# Solving a vector equation which seems to be indeterminate.

I have a vector equation:

$\vec{A} \times \vec{B} = \vec{C}$. $\vec{A}$ and $\vec{C}$ are known, and $\vec{B}$ must be determined. However, upon trying to use Cramer's rule to solve the system of three equations, I find that the determinant we need is zero. I know now that I need to choose a "gauge" to proceed, but can someone outline what comes next? Thanks.

Office_Shredder
Staff Emeritus
Gold Member
You know that AxB is perpendicular to both A and B, which means that B is a vector which is perpendicular to C. You have lots of choices for B because AxA = 0, so in particular
$$A\times B = A\times(B+\kappa A)$$
for any choice of kappa. In particular you can pick kappa to make B perpendicular to A. Once you have B is perpendicular to A and C, all that's left is to find its magnitude (which you can do using the fact that |AxB| = |A||B| if they are perpendicular)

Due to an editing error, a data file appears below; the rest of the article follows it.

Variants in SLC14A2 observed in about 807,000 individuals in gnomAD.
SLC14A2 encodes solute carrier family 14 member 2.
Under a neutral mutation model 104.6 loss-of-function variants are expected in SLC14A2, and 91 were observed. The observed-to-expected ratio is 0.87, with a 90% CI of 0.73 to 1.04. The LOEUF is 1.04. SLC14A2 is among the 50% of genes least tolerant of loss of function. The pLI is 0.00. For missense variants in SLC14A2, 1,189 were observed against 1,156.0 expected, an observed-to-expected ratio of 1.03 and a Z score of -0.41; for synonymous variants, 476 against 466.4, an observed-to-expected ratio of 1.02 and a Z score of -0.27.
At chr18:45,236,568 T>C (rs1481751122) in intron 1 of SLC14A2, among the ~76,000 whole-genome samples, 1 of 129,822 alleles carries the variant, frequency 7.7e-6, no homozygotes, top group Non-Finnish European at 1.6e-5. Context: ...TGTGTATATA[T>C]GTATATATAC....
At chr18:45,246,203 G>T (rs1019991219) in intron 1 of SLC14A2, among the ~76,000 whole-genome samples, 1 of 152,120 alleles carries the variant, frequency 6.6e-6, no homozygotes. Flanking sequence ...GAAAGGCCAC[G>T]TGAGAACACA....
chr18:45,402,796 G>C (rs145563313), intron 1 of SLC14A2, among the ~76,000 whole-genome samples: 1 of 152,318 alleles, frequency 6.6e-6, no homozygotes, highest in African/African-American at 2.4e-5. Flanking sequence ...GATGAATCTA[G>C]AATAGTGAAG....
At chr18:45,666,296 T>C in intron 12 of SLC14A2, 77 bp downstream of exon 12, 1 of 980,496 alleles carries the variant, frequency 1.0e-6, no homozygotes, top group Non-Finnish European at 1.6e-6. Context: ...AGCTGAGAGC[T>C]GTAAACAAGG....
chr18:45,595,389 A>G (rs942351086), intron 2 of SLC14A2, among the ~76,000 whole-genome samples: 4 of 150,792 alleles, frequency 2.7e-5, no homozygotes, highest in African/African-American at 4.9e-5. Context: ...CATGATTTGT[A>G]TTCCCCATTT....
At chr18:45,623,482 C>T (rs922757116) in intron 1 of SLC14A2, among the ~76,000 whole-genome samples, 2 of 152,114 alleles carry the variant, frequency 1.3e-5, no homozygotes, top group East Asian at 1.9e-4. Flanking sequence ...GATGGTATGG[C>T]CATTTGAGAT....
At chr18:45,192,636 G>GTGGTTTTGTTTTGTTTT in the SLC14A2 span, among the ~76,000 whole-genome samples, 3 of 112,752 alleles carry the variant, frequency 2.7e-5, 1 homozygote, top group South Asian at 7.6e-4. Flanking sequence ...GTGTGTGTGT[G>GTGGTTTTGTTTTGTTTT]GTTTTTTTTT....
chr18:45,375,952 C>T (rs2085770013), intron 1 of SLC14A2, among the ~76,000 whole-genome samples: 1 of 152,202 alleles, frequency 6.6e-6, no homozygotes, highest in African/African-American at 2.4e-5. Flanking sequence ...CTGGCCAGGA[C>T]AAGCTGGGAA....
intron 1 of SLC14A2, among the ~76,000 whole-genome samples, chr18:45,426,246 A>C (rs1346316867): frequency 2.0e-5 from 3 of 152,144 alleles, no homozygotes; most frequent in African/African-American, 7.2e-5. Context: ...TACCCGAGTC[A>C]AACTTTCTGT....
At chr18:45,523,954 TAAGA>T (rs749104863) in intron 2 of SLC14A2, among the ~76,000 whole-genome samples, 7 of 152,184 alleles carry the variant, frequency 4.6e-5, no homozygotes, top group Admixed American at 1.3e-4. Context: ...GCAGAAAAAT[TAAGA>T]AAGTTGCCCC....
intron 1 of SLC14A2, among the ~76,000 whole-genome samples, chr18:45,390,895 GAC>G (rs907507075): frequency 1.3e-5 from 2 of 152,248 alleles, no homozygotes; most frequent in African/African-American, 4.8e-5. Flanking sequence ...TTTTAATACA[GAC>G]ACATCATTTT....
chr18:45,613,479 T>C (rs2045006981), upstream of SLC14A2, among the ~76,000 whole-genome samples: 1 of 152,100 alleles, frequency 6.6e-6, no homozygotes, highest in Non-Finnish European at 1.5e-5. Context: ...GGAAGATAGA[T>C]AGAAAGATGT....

You know that AxB is perpendicular to both A and B, which means that B is a vector which is perpendicular to C. You have lots of choices for B because AxA = 0, so in particular
$$A\times B = A\times(B+\kappa A)$$
for any choice of kappa. In particular you can pick kappa to make B perpendicular to A. Once you have B is perpendicular to A and C, all that's left is to find its magnitude (which you can do using the fact that |AxB| = |A||B| if they are perpendicular)

Makes sense. Now I have |B|. To get the components of $\vec{B}$, I can use

$0 = A_{x}$ $B_{x}$ + $A_{y}$$B_{y}$+ $A_{z}$$B_{z}$

and

$0 = C_{x}$ $B_{x}$ + $C_{y}$$B_{y}$+ $C_{z}$$B_{z}$,

and

$B^{2} = B_{x}^{2} + B_{y}^{2} + B_{z}^{2}$ .

Does that sound right?

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